Phase I – 30.07.2012
Entire north India plunged on 30.07.2012 into the worst power crisis in a decade throwing normal life out of gear for several hours in eight states with collapse of the northern grid.
Delhi, Punjab, Haryana, Rajasthan, Uttar Pradesh, Uttarakhand, Himachal Pradesh and Jammu and Kashmir suffered the power outage. Besides, Union territory of Chandigarh was also snapped from the grid. Services of about 300 trains, including Rajdhani Express, Shatbadi Express and Duronto, were severely affected.
More than 8,000MW capacity of the country’s largest electricity producer NTPC, spread across six power plants, was hit. The reason however is not clearly known, as per the official statement of the Power Minister Sushil Kumar Shinde.
Shinde announced a three-member panel to look into the power failure, the worst since 2002. He also said that power was drawn from Bhutan and eastern and western grids as generating stations in the north had come to a halt.
Phase II – 31.07.2012
A major power failure on 31.07.2012 has left hundreds of millions of people in 20 states in Northern and North eastern India (Bihar, West Bengal, Jharkhand, Odisha) without power, making this one of the worst power outages in history. This is the second blackout to strike India in two days.
Phase I power outage, which affected 370 million people after the Northern Grid collapsed, beat the Java-Bali outage in Indonesia which had affected 100 million people in August, 2005. It broke 30.07.2012’s record the very next day. Collapse of the Northern, Eastern and North-Eastern grids threw 600 million people out of power.
The 1999 and 2009 outages in Brazil which affected 97 and 87 million people or the northeastern blackout in the US in 2003 that left 55 million people pale in comparison to what has been witnessed in India over the 48 hours of power struggle.
Reason behind grid crash
It has emerged that Uttar Pradesh, Punjab, Rajasthan, Haryana and Uttarakhand ignored strong warnings from the Northern Regional Load Despatch Centre (NRLDC) and the Central Electricity Regulatory Commission (CERC) to the States to maintain grid discipline and stop over-drawal from the grid.
The CERC directed that 16 States, including major violators, shall not resort to any over-drawal from the NEW (north-east-west) grid when the frequency is below 49.5 Hz and shall comply with the provision of grid code; the respondents shall ensure that the directions of the NRLDC are complied with and compliance reports sent immediately.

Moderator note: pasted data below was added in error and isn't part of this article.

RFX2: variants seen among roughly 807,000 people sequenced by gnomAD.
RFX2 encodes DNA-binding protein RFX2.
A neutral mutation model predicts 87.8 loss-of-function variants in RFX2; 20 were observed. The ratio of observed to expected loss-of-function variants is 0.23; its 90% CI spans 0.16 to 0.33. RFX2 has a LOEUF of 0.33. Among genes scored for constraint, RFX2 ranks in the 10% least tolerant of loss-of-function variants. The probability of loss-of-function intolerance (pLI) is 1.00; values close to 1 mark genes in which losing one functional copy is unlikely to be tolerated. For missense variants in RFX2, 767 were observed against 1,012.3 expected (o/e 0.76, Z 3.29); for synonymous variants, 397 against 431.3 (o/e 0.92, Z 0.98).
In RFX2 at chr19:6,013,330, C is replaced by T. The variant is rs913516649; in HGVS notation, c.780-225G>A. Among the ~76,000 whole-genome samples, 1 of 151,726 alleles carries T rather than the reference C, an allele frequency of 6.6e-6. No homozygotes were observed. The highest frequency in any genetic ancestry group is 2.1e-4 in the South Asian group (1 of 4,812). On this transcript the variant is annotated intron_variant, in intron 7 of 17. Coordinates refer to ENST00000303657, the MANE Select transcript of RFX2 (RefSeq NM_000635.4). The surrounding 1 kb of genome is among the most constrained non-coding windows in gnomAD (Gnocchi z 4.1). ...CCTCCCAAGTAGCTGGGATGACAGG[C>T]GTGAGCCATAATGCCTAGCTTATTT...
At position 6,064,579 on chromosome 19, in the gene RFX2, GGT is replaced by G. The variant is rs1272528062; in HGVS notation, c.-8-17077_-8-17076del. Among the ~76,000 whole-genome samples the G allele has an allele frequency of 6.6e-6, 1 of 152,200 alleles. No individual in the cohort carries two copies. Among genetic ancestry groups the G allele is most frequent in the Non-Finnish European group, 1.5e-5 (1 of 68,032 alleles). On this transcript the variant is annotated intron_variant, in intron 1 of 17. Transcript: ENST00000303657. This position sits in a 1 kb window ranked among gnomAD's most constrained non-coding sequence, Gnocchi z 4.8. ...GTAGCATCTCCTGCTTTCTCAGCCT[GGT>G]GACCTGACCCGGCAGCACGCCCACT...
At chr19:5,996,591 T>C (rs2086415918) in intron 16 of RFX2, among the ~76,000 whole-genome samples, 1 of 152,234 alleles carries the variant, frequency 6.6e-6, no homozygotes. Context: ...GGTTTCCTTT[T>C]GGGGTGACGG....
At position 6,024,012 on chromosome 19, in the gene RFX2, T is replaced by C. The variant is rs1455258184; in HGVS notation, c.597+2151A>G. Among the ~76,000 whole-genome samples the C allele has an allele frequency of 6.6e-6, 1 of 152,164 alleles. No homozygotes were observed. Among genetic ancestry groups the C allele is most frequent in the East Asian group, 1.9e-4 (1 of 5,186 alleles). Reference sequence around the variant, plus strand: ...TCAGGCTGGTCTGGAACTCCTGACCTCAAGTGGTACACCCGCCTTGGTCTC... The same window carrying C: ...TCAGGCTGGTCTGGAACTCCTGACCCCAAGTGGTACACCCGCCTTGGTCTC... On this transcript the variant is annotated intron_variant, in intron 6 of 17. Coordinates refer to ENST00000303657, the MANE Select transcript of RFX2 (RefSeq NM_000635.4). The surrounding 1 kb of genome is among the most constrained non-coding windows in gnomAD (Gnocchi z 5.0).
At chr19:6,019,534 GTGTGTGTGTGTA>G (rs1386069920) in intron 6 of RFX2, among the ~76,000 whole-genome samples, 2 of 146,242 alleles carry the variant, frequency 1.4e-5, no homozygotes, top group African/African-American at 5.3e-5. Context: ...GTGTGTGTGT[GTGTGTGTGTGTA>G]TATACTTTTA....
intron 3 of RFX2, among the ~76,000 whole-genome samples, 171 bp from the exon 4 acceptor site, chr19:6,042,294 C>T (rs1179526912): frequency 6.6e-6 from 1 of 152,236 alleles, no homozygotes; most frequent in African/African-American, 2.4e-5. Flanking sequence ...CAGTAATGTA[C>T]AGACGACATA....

According to the order, this move is to ensure that the under frequency relays (UFRs) are kept in service at all times and the feeders used for load-shedding through UFRs are different from the feeders used for manual load-shedding so that the security of the grid is not compromised.
What is a grid code?
A grid code is a technical specification which defines the parameters a facility connected to a public electric network has to meet, to ensure safe, secure and economic proper functioning of the electric system. The facility can be electricity generating plant, a consumer, or any other network. The grid code is specified by an authority responsible for the system integrity and network operation. Its elaboration usually implicates network operators (distribution and/or transmission operators), representative of users and to, an extent varying between countries, the regulating body.
Counter argument from states
Northern Grid frequency statistics for 31.07.2012 suggest that the grid frequency from noon to 1pm hovered close to 50 hertz (Hz) as against the admissible frequency of 49.5 hertz. The grid crash occurred at 1:10pm, when the frequency was 50.19 Hz.
Statistics from the Haryana state load despatch centre indicate that there was no overdrawal of energy between noon and 1pm by the states. The grid frequency was 50.27 Hz at noon, 49.99 Hz at 12.15pm, 50.23 Hz at 12.30pm, 49.92 Hz at 12.45pm and 50.19 Hz at 1pm.
More than 20 hours after the country’s worst power failure, the three major electricity grids (the northern, eastern and north-eastern grids) that had collapsed have been restored, Power Grid said on 1.07.2012.
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